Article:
When I first learned what an apology was, I was outraged. “I will not say sorry for stealing her cookies,” I shouted right after snack time. The teacher looked down at me in disbelief. I was three and a half feet tall, but yards taller in ferocity. “She stole my crayon,” I whined in a half-squat. “But I don’t want her to say sorry to me.” The cookies were cinnamon-swirl, and sugar really brought out my idealism.
“It doesn’t matter what she did to you. You can’t just take other people’s cookies like that.”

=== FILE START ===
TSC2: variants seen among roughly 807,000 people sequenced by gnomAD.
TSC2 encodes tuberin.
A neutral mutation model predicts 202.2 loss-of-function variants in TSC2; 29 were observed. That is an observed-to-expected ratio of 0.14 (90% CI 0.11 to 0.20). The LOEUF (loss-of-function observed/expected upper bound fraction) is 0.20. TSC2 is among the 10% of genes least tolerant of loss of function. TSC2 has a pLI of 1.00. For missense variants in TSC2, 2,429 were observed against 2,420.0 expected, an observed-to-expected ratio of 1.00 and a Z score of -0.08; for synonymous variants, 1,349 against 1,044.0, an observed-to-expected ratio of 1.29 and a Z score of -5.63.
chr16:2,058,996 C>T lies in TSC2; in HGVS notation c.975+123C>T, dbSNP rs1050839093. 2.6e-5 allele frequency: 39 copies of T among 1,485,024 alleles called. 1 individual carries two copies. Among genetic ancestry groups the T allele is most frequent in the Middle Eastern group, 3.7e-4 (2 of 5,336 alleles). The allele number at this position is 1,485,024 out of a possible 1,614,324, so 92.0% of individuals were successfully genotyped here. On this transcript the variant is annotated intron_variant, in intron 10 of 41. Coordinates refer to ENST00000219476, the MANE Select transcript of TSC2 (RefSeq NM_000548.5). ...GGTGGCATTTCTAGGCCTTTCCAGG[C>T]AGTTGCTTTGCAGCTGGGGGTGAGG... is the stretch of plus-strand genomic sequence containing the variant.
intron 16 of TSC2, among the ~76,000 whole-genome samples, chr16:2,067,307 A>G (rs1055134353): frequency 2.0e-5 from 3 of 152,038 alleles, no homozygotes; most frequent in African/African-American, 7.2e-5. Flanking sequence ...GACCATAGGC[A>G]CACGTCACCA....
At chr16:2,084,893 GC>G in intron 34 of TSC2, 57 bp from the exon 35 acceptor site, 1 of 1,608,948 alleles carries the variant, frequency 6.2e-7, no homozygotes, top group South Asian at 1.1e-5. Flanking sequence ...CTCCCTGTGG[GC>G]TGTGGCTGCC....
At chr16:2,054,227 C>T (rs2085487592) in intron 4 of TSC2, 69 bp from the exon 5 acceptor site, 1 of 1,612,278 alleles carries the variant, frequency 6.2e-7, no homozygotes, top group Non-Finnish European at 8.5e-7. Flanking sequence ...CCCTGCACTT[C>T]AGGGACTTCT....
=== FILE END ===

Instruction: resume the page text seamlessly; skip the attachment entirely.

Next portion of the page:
“I hate you! Get away from me!”
“David,” she made a sinking motion with her hands. “You need to stop acting up. You’re making it no fun for everyone else. See?” She pointed to the other kids who were all either silently staring at me or unself-consciously exploring the insides of their pants. I was right, though. Wasn’t I? Becoming less certain, I fell down into a seated position and started crying, really letting it out. Now who was sorry?
The lesson I learned, and one that I believe has directed my every action since, is that apologies are usually much easier than trying to make principled points. Apologies are social band-aids, the verbal adhesive gauzes able to disinfect scraped feelings. The only things that distinguish modern society from barbarian anarchy.